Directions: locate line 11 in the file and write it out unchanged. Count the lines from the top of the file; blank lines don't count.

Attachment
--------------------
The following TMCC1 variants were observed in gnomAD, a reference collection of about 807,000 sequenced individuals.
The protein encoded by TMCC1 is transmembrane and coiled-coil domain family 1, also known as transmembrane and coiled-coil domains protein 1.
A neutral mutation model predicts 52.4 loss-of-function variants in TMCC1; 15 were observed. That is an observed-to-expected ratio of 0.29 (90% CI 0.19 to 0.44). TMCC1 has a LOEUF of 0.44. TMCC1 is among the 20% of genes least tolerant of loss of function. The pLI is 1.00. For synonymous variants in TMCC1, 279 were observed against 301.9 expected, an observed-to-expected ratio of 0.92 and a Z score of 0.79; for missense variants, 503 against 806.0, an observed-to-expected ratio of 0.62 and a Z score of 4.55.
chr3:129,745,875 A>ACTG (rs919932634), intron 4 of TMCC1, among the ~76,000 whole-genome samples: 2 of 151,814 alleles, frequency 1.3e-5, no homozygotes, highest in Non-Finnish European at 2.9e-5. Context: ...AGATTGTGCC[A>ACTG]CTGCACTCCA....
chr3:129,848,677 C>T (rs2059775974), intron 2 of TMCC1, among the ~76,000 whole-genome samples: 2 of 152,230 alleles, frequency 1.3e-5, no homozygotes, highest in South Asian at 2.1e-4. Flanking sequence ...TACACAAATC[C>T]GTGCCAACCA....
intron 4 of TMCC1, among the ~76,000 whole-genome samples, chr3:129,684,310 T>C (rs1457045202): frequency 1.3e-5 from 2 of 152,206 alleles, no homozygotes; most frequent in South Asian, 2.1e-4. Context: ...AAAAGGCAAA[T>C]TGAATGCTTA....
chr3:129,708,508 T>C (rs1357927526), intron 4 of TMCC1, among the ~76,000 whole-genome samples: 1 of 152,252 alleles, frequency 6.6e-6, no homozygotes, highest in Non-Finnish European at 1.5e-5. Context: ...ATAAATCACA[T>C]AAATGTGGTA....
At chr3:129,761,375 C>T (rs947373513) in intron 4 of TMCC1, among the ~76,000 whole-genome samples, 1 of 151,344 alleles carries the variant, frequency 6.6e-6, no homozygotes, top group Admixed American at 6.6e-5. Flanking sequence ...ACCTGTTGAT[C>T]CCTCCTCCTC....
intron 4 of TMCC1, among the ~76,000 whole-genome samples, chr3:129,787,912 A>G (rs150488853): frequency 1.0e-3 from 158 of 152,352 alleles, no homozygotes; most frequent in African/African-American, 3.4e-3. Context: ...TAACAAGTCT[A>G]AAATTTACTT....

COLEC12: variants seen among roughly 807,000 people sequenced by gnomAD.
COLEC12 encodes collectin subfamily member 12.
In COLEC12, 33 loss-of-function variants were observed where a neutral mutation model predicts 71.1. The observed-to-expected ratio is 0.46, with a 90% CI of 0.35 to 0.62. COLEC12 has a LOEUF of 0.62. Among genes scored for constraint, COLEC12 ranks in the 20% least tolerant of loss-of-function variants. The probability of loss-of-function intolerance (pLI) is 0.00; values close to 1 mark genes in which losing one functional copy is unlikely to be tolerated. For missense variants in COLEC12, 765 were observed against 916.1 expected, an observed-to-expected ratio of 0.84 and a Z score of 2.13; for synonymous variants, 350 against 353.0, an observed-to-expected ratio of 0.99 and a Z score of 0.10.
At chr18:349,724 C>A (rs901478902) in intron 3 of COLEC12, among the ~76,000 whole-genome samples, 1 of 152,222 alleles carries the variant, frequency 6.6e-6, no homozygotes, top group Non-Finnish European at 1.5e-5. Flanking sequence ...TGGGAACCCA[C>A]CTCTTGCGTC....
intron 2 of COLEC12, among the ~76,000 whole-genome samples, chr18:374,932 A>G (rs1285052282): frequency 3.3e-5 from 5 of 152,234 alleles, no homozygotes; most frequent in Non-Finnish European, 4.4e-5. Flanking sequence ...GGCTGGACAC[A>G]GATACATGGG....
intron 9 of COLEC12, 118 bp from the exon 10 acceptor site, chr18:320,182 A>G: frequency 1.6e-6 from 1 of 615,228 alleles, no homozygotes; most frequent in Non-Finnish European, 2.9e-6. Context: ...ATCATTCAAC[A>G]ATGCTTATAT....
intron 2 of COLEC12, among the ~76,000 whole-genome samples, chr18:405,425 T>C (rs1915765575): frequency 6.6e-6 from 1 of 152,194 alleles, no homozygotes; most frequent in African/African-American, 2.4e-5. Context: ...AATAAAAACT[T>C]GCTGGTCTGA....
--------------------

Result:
COLEC12 encodes collectin subfamily member 12.